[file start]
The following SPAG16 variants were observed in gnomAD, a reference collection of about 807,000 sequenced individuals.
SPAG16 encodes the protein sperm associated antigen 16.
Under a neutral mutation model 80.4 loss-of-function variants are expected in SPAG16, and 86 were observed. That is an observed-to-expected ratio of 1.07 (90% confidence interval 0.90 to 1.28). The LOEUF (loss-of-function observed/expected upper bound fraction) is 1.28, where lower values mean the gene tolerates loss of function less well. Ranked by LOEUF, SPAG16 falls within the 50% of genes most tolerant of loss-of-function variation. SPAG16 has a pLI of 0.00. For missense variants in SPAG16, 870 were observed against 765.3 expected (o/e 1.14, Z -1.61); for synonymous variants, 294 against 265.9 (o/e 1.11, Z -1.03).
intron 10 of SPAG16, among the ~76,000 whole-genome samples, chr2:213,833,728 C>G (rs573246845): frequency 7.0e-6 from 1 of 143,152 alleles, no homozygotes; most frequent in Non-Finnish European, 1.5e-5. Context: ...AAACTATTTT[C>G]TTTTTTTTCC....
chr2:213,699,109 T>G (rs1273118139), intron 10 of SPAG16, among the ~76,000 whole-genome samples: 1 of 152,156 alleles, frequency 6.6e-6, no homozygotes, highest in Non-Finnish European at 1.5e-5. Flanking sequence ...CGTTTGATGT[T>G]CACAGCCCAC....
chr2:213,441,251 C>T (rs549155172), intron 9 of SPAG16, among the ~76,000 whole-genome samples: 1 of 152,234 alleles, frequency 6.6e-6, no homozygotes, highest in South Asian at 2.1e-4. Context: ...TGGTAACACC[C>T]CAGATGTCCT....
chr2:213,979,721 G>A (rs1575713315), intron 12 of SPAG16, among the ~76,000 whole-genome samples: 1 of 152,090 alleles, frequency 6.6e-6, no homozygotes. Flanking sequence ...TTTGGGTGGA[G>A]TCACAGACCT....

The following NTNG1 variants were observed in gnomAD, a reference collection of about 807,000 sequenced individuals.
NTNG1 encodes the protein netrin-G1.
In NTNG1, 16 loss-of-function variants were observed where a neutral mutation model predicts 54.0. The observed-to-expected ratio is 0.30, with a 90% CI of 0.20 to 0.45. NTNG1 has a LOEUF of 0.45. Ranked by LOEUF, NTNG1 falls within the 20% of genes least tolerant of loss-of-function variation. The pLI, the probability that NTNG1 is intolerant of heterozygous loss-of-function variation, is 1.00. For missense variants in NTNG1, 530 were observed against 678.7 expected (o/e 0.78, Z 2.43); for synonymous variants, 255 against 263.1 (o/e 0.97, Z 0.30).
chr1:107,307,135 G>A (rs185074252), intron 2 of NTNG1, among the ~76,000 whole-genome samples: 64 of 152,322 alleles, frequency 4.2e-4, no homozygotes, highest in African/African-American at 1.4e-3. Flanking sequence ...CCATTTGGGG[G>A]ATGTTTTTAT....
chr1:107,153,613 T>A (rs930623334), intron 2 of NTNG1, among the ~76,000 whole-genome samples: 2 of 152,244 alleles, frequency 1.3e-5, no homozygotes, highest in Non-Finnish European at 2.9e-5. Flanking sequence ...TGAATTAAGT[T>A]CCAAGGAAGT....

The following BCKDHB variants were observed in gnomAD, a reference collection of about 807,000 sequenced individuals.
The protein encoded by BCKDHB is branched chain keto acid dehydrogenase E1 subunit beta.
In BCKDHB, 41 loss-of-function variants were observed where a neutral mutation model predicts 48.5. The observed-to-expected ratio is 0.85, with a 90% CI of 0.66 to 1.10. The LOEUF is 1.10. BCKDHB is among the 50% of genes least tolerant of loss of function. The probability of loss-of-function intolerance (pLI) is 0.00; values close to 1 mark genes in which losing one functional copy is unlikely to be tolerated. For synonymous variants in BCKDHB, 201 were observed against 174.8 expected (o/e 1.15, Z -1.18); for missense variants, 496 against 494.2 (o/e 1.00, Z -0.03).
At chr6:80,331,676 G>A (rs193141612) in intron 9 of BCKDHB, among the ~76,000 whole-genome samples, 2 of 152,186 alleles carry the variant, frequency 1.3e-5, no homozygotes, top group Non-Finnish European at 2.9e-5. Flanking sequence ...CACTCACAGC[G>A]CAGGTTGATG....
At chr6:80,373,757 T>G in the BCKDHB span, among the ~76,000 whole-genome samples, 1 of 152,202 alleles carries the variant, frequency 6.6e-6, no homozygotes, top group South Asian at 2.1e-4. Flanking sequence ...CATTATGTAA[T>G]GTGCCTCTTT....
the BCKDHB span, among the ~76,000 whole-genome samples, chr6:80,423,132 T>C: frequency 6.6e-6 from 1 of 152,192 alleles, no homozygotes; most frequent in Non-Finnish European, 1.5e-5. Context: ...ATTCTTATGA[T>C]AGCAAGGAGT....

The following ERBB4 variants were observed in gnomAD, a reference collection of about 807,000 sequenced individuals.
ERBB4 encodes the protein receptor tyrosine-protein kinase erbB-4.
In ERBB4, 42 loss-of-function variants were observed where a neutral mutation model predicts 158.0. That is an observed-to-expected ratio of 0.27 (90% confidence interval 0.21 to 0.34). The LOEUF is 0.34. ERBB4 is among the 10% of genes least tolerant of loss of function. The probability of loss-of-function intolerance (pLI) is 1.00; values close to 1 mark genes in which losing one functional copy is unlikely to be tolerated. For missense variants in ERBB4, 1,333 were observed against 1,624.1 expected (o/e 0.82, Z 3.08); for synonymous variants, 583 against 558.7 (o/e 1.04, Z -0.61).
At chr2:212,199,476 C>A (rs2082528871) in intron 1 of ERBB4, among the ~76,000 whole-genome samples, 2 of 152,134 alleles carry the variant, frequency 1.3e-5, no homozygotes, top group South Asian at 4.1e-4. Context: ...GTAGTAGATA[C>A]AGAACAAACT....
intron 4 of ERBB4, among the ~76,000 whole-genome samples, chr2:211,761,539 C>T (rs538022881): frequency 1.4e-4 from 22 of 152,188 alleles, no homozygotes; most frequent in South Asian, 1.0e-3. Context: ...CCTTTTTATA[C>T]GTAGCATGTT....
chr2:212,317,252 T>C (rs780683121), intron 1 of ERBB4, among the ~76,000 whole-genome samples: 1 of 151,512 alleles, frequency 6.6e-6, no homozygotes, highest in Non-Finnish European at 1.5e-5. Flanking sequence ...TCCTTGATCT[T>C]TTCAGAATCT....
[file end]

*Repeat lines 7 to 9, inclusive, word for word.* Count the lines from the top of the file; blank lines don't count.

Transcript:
chr2:213,979,721 G>A (rs1575713315), intron 12 of SPAG16, among the ~76,000 whole-genome samples: 1 of 152,090 alleles, frequency 6.6e-6, no homozygotes. Flanking sequence ...TTTGGGTGGA[G>A]TCACAGACCT....

The following NTNG1 variants were observed in gnomAD, a reference collection of about 807,000 sequenced individuals.
NTNG1 encodes the protein netrin-G1.